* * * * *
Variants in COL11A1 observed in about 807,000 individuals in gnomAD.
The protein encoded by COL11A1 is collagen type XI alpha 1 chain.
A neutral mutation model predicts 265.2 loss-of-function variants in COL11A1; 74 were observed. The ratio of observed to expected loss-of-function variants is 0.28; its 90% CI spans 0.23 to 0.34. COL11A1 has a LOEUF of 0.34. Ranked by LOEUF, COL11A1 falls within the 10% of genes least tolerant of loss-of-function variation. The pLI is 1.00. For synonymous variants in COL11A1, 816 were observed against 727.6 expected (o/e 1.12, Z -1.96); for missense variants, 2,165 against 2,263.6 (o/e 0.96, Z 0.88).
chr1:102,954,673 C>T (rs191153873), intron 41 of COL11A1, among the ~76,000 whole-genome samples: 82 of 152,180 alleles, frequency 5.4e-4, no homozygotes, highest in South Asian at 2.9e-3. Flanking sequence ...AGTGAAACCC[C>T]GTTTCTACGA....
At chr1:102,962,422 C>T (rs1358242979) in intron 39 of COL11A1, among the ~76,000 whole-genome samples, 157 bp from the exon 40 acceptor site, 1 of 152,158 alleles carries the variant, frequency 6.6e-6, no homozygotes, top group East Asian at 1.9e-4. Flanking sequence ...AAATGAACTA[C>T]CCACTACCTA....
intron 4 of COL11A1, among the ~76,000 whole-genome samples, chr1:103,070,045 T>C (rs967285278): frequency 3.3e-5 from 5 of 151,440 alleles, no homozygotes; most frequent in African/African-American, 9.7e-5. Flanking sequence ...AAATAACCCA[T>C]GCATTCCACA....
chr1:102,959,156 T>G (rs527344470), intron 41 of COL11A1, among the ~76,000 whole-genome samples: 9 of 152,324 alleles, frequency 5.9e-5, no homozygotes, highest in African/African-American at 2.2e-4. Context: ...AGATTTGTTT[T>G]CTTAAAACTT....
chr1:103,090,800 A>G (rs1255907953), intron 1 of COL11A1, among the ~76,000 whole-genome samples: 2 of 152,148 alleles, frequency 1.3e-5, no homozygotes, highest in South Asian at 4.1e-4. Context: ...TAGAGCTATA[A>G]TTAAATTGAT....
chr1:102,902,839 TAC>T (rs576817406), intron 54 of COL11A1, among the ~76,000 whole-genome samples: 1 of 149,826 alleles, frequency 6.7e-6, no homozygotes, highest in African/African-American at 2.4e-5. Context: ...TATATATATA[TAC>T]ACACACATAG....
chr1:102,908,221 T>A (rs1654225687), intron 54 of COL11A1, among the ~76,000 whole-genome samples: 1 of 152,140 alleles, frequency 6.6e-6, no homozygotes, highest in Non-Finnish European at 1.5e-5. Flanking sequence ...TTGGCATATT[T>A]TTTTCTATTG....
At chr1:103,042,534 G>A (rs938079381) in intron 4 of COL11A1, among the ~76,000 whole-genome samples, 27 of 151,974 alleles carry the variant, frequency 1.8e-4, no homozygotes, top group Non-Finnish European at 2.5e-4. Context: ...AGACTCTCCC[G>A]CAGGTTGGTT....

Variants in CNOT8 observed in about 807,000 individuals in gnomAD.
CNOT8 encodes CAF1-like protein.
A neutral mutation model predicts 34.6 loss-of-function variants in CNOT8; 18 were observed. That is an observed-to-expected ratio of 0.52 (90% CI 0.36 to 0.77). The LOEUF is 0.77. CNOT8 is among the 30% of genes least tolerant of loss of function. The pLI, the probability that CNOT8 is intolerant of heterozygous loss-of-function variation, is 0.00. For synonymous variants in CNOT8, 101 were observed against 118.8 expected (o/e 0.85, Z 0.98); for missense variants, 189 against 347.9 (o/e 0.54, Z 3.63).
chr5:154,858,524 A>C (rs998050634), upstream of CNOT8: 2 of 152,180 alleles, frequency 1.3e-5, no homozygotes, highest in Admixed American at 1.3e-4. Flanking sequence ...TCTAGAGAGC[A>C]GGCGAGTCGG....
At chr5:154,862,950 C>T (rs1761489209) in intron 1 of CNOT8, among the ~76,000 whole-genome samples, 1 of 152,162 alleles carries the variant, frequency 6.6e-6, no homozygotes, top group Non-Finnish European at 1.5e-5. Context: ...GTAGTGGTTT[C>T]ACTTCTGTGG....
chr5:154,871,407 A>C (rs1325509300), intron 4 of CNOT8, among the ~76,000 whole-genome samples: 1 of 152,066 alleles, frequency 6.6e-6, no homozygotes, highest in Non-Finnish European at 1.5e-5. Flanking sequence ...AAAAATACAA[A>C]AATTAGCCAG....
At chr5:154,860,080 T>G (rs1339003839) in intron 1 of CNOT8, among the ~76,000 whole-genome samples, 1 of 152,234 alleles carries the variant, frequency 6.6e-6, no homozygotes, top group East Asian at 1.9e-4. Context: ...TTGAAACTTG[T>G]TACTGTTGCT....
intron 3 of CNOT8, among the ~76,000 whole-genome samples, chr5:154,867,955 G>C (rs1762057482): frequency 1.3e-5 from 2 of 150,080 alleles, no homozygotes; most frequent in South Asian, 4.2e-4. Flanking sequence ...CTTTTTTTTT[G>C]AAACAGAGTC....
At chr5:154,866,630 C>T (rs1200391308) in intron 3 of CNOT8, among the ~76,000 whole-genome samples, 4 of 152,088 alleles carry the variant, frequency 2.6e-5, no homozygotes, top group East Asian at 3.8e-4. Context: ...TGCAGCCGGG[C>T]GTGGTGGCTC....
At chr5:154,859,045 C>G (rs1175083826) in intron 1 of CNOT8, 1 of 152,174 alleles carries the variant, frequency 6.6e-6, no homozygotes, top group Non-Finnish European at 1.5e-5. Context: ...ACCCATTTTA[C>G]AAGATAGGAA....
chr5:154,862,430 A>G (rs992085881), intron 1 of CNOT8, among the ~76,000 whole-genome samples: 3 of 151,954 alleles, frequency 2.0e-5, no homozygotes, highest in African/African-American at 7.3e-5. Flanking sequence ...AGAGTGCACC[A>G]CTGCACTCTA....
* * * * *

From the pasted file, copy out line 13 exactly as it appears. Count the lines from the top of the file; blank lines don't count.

CNOT8 encodes CAF1-like protein.